[Featured photo from The Tennessean]
The national movement for improved Medicare for All is gaining momentum, which means that we have the real potential to win a national universal public health insurance and means that our opponents will double down on preventing this. We speak with Dr. Carol Paris, outgoing president of Physicians for a National Health Program, about how the single payer healthcare movement has changed in the Trump era and where it needs to go. We also cover recent news, including the successful anti-racist actions in DC, the recent verdict against Monsanto and an update on the UPS worker fight for a contract.
For a more in-depth discussion of the movement for national Improved Medicare for All and specifics on ways the opponents are fighting back, subscribe to Clearing the FOG on Patreon and receive our bonus show, Thinking it Through. Visit Patreon.com/ClearingtheFOG.
In The News
Relevant articles and websites:
Doctors say what they think about Medicare for All, by Dylan Vox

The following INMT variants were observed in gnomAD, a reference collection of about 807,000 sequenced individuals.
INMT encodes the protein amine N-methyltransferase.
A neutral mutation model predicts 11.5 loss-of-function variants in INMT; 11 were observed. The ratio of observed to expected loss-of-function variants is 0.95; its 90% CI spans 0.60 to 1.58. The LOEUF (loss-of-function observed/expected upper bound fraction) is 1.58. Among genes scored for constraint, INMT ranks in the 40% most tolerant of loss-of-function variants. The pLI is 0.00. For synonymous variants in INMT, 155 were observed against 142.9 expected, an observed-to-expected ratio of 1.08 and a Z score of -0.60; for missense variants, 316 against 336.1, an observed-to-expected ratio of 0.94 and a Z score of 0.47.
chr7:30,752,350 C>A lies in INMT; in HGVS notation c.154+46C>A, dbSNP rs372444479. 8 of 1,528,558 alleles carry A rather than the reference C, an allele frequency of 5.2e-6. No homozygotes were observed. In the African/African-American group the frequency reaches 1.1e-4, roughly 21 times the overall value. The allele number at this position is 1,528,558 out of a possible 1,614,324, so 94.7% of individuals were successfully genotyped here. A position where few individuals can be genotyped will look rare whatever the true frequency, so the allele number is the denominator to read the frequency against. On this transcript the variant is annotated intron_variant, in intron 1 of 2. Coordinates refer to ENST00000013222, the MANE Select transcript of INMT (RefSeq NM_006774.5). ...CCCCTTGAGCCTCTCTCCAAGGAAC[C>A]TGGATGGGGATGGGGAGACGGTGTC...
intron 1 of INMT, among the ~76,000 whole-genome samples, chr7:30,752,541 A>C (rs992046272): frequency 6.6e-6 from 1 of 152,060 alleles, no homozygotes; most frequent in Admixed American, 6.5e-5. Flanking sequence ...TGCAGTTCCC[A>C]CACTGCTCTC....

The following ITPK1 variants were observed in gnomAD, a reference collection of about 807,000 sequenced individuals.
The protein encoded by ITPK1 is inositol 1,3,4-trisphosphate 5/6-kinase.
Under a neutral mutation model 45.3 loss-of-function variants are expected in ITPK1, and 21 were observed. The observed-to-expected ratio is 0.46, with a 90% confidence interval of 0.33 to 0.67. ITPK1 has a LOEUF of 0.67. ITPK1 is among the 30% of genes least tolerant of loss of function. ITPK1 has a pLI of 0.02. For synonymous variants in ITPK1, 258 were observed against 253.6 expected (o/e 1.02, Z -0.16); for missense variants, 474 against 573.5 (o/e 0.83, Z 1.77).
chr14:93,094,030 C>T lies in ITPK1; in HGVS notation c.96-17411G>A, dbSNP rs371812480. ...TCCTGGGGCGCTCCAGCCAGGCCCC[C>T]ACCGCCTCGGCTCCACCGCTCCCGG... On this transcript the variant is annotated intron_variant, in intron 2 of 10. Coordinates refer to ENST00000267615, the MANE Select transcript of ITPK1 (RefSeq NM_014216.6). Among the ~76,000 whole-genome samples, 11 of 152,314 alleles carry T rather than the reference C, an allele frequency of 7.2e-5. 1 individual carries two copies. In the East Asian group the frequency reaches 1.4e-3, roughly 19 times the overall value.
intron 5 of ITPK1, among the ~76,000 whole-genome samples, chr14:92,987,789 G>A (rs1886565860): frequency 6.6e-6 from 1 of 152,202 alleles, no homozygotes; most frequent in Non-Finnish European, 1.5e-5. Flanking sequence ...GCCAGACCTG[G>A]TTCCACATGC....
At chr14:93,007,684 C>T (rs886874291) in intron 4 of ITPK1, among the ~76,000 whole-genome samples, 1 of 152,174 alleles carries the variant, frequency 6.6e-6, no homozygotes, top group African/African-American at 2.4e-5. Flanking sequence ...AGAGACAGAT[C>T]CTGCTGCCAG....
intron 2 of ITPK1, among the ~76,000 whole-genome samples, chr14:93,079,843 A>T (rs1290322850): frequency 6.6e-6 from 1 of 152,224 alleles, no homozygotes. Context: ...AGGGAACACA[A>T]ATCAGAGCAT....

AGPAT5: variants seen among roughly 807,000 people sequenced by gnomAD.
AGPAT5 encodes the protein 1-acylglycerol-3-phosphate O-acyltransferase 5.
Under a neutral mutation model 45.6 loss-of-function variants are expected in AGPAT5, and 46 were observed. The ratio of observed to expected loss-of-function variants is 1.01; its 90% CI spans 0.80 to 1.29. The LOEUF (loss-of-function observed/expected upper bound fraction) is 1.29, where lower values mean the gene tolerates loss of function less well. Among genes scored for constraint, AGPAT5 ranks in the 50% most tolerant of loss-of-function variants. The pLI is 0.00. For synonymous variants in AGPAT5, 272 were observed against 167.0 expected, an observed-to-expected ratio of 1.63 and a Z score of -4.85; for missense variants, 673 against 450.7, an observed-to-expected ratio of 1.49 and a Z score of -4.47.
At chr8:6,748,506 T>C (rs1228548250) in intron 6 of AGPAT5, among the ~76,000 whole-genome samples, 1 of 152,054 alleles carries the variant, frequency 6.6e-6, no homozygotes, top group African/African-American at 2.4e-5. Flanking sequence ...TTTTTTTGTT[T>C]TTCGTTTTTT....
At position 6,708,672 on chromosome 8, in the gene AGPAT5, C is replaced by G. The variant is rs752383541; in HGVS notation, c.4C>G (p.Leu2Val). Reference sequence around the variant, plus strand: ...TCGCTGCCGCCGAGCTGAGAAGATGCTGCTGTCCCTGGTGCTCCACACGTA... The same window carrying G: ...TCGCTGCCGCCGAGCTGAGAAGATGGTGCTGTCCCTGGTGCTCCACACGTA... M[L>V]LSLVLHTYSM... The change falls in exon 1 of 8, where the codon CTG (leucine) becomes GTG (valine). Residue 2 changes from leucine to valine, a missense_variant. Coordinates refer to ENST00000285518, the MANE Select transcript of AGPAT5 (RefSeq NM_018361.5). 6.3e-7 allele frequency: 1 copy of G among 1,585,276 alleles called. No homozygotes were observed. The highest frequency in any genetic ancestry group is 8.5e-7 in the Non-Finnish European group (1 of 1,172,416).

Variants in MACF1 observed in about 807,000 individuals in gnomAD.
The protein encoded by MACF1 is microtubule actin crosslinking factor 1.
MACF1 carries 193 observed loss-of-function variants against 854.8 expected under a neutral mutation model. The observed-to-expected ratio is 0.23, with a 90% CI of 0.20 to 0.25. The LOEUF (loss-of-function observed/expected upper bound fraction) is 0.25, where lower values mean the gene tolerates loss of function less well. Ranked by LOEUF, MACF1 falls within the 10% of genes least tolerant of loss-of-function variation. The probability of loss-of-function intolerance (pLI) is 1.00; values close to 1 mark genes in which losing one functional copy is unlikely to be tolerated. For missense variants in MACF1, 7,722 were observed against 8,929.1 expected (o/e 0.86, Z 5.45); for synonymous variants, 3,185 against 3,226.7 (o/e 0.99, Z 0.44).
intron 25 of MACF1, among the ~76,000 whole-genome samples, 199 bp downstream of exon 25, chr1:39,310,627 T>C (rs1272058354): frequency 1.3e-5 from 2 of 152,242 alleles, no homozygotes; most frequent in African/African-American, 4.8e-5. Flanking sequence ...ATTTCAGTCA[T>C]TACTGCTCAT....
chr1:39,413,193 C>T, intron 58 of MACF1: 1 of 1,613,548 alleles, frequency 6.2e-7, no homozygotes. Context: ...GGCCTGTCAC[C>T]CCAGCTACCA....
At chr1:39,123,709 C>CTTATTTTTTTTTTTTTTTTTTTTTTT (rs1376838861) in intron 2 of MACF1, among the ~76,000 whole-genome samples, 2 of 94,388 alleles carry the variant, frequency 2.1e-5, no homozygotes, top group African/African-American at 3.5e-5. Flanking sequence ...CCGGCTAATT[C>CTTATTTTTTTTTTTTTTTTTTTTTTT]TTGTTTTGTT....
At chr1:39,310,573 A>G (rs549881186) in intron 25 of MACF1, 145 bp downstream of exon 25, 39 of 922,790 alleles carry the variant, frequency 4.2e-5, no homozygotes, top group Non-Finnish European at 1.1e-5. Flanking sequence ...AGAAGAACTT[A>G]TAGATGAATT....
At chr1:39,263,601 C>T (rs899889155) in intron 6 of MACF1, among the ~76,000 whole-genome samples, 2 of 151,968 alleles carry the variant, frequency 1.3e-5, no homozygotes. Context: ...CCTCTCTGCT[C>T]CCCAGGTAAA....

Carol Paris is a recently retired psychiatrist who worked for more than 25 years in private practice, community mental health, prison psychiatry, and academia. In the course of her experience, much of which was in Maryland, she became an outspoken critic of the private-insurance-based U.S. health care system.
In May 2009, she and seven others stood up, one by one, at a U.S. Senate Finance Committee hearing on health care reform chaired by Sen. Max Baucus to ask why there wasn’t a single advocate for single-payer health care on the 41-member panel. In an action that received national media attention, Baucus had all eight peaceful protesters, including Dr. Paris, arrested. (Charges were eventually reduced, requiring only community service.)
Dr. Paris subsequently toured the country as part of the “Mad as Hell Doctors” campaign for single payer, and spent a year as a consultant psychiatrist in New Zealand, where she experienced a single-payer system firsthand. She currently resides in Nashville, Tenn., where her primary interests include strategic activism, recruiting and mentoring medical students and early career physicians for leadership positions within PNHP, and building coalitions to strengthen the single-payer movement’s impact on the national health care debate. Dr. Paris obtained her medical degree from West Virginia University School of Medicine.